Journalist Jean-Paul Crespel wrote that Dora Maar had figured out how to get the attention of Picasso. She knew that the artist often visited the cafe Les Deux Magots. Crespel described her “serious face, lit by pale blue eyes that looked paler because of her thick eyebrows.” Dora played with a penknife, hitting the table with the point between her fingers. "Sometimes she missed, and a drop of blood appeared between the roses on her black gloves." This surreal story of the first acquaintance of Dora Maar and Pablo Picasso is told very often. Some claim that the gloves were white, and Picasso begged them from Dora and then kept them in a special display case. Others say that Pablo and Dora were introduced by the poet Paul Eluard, who unsuccessfully sought the attention of a beautiful surrealist with a camera. Dora's eye color also varies, not without that. “I also tried to grab his image. Divine face. Full face and side shot in a mixed manner of Picasso. You say, “Picasso?” Yes, Picasso. I do not claim the championship, but I cannot emphasize that I have already employed such a photomontage five or six years before. Overlaying one picture with another, comparing a double female side shot - even then, I was working in the Picasso style. ” Dora Maar
As Picasso said, "art is not chaste, and if it is chaste, then it is not art" - and strictly followed this principle. Pablo and Dora soon became lovers. Maar photographed Picasso in her studio on Astorg Street, but most of the frames were never printed. Nevertheless, the surrealistic photographs of Dora became a source of inspiration for Picasso - he photographed his Muse and created works in a completely new multi-layered technique based on those images. The artist painted portraits on glass, put portrait photographs under them, and put lace or fabrics between them.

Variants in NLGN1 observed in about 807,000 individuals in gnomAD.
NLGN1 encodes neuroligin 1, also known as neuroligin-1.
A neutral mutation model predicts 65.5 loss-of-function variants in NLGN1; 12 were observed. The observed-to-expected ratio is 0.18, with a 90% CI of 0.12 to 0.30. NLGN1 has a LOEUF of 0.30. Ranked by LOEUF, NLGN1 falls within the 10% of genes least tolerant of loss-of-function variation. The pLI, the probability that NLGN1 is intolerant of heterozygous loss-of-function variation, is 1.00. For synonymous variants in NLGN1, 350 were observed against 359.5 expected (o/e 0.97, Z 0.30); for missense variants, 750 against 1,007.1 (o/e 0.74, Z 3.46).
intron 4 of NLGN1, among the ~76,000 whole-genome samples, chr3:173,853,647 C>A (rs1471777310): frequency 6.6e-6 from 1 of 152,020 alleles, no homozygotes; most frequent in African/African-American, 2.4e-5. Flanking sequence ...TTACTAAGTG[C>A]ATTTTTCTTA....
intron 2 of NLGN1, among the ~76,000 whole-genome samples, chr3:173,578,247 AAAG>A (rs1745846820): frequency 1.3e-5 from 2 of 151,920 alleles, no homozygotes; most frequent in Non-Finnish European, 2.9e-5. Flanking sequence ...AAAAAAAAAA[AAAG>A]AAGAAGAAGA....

We can say that after Dora met Picasso, her career ended. Of course, she still photographed, under the influence of Picasso returned to painting again. However, in the rays of worldwide fame of the maestro, her efforts seemed petty and insignificant. Picasso suppressed his women, subordinated them to his will - and did it surprisingly easily. Instead, he gave them such energy, such a waterfall of sparkling life, that the next Muse could not refuse this source of joy. Dora Maar was fascinated - as before Maria Theresa Walter, and before that - Olga Khokhlova.
Picasso could do anything. He could even allow himself to draw Dora whatever she looked like. Even beautiful and tender. This is the way he saw her in 1937.
The couple spent the summer in the small town of Mougins, not far from Cannes, in the company of Man Ray, Roland Penrose, and his wife, Lee Miller, Andre Breton, and his wife, Jacqueline Lamba. Picasso and Dora were especially close friends with the poet Paul Eluard and his wife Nyush. The sun, the sea, the endless beaches. Picasso and Dora immersed themselves in love and myths of ancient Greece and imagined each other to be the Minotaur, the Neptune, and the Sphinx.
In winter, when called on Dora, Picasso had fun drawing random spots of paint on the walls and turning them into insects. Devastated by the Civil War in Spain, the artist increasingly became involved in politics - and Dora, who openly sympathized with the communists, supported him. In 1937, after the Nazi exhibition "Degenerative Art", it became clear that a big war was only a matter of time. Carefree days were left behind. Picasso began a series of engravings "The Dream and Lie of Franco", after the bombing of the peaceful Basque city of Guernica, he added four more sheets and a poem in which he mourned the tragic events in Spain.